A week has passed, hasn't it?
I've been a junkie for news ever since I can remember. It's nice that my career compliments this interest: especially since joining the high school it's crucial that I stay ahead of pace with the news. So I get to marry fun and work. Though the election had a way of souring the news for me. It sapped my enjoyment of reading it and by the final week I was reading it out of routine and hope than pleasure.
It might take a while until I have that enjoyment for the news again.
Two particular insights from the news have struck me the most powerfully as I make sense of the most recent election.
First, from a news site I almost never consult: Glenn Beck's website. Okay, it's commentary, not news. But one writer there offered a particularly helpful angle on understanding the election:
Did the opponents of Mrs. Clinton overstate her potential triumph as something threatening their survival? It's possible. But I don't know if I'm in a position to judge on that point. However, the election was, very much, for me a moral one. And I think that helps explain why the hurt and disappointment are so profound. My vote for her was a stand against something that I didn't want to see our country to be.
Next, an analysis by the Economist offered this chilling perspective while analyzing Democrats' options for leadership as they move forward.
"Witch-burning atmosphere" is damning but accurate. And as the campaign reached its crescendo, it's the tone that I couldn't mistake regarding Mr. Trump's rallies. There are many of Mr. Trump's supporters who bristle at the allegations of sexism or racism (directed at President Obama) in his campaign. Those who point to it are often labeled as elitists. To many of us, though, the tone was unmistakable. And it was a tone that wasn't entirely new. To wit: one passionate opponent of the president has a sign like this along the highway near my parents:
And then I remember seeing this tasteless poster last summer near Ricketts Glen:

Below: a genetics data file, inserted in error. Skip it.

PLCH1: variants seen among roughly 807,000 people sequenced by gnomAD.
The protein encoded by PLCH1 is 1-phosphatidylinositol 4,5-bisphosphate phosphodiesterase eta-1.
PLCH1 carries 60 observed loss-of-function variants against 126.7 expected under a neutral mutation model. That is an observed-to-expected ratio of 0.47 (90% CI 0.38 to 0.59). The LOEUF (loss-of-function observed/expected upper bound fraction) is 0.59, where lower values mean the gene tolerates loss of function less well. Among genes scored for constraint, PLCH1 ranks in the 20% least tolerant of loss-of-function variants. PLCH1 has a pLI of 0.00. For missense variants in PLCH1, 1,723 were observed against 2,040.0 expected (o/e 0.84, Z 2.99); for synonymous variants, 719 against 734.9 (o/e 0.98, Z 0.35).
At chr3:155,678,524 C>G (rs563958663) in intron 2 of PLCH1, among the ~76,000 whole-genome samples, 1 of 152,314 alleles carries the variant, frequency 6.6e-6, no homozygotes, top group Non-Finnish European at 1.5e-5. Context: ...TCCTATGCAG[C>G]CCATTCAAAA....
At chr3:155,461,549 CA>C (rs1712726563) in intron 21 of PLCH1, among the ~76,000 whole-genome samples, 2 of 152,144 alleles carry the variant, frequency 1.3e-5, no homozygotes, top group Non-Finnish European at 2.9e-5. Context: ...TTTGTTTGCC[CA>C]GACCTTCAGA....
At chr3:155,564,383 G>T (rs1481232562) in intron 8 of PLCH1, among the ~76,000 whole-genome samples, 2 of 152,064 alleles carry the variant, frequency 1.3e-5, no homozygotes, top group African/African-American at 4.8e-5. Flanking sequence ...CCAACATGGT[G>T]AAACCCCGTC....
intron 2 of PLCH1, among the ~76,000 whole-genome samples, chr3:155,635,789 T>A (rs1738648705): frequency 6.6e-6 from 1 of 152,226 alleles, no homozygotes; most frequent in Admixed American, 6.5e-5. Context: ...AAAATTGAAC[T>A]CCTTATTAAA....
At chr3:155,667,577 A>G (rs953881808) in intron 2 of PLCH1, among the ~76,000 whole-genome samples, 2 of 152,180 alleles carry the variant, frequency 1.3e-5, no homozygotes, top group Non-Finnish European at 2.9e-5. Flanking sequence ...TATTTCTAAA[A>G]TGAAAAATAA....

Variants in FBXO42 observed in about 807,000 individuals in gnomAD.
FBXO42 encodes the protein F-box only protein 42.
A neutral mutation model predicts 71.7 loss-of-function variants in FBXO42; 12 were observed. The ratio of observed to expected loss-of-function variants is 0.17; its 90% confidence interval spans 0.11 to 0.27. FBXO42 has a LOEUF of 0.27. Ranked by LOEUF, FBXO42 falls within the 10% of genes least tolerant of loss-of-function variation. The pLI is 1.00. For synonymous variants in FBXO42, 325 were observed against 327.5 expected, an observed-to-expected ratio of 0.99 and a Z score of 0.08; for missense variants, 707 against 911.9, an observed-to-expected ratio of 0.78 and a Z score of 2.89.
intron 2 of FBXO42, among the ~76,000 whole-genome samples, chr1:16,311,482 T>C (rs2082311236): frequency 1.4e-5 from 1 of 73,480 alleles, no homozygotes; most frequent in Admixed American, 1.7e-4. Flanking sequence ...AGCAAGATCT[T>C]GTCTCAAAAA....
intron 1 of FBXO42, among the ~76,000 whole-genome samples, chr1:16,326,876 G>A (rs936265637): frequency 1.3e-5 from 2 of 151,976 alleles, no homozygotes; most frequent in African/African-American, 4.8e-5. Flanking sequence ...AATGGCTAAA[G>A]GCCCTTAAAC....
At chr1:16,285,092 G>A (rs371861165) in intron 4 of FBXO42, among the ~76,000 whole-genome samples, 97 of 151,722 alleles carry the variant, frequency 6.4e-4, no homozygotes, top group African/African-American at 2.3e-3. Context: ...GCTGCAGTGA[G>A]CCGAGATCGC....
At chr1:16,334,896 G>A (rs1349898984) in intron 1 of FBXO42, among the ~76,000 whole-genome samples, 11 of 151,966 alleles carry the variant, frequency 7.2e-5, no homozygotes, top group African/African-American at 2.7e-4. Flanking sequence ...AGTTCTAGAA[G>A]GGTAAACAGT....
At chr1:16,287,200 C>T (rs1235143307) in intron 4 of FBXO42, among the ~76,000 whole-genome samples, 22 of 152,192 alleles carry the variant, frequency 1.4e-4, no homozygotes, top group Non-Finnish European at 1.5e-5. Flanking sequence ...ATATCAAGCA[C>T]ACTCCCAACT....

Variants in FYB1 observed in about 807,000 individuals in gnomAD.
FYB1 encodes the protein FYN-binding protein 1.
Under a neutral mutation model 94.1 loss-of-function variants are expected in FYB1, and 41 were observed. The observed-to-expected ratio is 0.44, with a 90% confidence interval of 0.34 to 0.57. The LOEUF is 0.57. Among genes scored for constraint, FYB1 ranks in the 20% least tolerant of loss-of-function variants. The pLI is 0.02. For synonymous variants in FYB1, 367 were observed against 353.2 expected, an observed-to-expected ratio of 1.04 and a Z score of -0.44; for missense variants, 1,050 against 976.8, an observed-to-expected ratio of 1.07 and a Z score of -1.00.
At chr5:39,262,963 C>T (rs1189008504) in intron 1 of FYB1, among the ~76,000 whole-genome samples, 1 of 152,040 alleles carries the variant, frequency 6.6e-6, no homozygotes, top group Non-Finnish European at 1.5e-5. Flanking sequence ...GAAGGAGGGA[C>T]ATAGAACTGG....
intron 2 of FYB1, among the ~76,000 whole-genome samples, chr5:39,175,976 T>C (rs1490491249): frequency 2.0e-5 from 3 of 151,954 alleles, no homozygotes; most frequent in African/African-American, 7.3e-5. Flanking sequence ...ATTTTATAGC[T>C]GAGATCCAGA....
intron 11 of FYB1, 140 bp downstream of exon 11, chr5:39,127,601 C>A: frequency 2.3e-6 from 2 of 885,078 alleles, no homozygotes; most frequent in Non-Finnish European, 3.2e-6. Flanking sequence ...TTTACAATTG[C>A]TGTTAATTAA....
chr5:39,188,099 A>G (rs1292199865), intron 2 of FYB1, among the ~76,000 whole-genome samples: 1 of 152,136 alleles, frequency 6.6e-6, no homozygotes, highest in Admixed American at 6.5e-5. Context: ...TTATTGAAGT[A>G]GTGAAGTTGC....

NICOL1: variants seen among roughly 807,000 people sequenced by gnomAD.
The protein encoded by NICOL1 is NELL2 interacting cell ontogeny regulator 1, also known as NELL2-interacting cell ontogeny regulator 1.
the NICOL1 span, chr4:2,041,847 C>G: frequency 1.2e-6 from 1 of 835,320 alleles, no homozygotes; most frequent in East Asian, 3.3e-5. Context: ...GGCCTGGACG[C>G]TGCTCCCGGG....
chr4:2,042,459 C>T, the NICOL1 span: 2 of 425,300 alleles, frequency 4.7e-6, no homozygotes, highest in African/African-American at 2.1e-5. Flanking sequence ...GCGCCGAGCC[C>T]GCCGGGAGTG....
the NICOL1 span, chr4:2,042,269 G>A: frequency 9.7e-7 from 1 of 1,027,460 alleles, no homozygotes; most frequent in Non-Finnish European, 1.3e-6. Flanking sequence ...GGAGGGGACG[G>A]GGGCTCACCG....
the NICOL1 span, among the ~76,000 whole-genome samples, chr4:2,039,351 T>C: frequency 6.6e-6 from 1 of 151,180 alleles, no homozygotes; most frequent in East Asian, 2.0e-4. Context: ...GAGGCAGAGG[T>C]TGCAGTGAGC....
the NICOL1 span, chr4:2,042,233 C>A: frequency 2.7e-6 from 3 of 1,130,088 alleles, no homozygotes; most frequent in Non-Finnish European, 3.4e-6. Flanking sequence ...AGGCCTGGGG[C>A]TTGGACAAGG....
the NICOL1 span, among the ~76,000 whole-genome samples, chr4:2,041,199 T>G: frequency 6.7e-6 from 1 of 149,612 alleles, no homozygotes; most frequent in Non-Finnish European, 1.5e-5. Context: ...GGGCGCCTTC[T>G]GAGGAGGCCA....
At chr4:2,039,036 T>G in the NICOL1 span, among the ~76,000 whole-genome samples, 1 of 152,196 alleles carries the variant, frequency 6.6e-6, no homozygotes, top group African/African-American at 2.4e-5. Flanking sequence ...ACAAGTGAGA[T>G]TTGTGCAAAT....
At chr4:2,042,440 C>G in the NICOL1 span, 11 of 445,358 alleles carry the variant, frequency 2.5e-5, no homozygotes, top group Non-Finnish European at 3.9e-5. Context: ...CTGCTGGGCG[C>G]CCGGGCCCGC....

Tone matters. Dog whistles matter. The tone, words, and atmosphere of Mr. Trump's campaign made me look at this election as a moral stand.
I could be witty and call to mind the famous witch scene from Monty Python's film. I'd rather, though, draw a parallel between this election and a somewhat obscure western, the Ox Bow Incident. Will our country at some point reflect on the shame of what just took place the way characters in that film do when the hanging is done.
. . .
There's some good that will come from this election. The Democrats paid an awfully steep price for overlooking an aggrieved class. I can separate the tone of the campaign (which I cannot respect) as well as the implicit sexism and racism of some opponents to the Democrats from the legitimate grievances that motivated many more to pull the lever for Mr. Trump. Those grievances I respect, and out of respect for those economic grievances I'm sad that Mr. Trump's policy solutions are thin, hollow, and ultimately not the remedies for what ails them. As Americans, we can learn to better listen to the grievances of groups we overlook.
. . .
I think that's it for my commentary on this election. I'm fatigued. Ready to look to something more interesting. Ready to look for ways I can not overlook aggrieved classes in our country. Ready to be kind. And ready to read the commentaries that mean so much to me as we evaluate a new presidency that starts on January 20.